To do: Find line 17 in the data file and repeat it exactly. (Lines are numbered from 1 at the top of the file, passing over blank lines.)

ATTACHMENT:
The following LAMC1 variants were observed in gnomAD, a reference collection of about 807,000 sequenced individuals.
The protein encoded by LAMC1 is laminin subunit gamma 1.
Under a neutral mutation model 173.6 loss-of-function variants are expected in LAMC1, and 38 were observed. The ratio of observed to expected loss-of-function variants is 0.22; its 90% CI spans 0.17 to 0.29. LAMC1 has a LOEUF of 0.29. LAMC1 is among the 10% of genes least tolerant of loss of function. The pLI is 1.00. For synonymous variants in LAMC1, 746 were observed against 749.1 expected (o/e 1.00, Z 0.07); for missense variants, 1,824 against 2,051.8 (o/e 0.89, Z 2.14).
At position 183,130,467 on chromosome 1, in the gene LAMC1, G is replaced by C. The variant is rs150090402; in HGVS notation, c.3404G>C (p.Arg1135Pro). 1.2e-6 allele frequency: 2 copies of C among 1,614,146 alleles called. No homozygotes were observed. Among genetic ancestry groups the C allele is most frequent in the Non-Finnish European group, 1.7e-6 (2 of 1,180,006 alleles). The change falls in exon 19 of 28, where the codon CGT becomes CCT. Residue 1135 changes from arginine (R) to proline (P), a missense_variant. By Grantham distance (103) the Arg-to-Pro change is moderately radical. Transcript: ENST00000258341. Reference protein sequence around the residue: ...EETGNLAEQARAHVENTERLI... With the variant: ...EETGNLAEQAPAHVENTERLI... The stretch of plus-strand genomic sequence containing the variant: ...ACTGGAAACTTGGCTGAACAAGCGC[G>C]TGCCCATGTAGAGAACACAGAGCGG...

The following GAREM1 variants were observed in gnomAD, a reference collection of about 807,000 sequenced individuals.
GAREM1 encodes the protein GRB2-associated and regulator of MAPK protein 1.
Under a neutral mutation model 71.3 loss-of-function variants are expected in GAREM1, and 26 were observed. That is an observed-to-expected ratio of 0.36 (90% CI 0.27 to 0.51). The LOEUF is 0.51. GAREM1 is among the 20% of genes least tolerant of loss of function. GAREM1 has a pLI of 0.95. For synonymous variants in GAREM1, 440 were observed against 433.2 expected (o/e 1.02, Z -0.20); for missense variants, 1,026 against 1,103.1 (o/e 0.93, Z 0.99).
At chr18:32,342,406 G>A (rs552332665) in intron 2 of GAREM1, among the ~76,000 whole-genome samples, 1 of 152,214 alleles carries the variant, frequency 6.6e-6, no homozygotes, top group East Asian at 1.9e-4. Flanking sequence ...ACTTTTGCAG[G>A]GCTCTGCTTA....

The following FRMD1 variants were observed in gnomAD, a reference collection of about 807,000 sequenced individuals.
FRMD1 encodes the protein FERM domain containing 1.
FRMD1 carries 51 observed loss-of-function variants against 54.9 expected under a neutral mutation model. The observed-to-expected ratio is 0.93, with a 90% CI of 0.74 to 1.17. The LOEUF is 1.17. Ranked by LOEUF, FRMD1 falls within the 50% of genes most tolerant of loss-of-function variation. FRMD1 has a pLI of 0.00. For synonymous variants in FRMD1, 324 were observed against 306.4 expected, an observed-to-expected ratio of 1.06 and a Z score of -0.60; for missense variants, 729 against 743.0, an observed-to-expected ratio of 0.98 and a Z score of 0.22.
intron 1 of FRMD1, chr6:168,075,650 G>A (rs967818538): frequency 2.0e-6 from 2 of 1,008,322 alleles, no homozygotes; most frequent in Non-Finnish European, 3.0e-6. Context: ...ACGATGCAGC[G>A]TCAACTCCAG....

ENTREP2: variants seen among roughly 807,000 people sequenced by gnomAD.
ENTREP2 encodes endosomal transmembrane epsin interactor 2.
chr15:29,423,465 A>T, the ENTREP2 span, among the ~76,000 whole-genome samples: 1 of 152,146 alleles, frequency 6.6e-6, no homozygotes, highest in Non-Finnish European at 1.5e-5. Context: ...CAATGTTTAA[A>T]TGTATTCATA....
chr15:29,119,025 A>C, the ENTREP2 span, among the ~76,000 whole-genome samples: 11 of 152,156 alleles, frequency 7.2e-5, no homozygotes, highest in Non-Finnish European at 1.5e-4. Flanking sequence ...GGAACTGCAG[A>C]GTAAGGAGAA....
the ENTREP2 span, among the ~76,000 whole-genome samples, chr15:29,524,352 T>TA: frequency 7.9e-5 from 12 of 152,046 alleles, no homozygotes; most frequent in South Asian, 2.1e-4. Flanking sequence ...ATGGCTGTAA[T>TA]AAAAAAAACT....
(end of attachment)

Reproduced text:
the ENTREP2 span, among the ~76,000 whole-genome samples, chr15:29,524,352 T>TA: frequency 7.9e-5 from 12 of 152,046 alleles, no homozygotes; most frequent in South Asian, 2.1e-4. Flanking sequence ...ATGGCTGTAA[T>TA]AAAAAAAACT....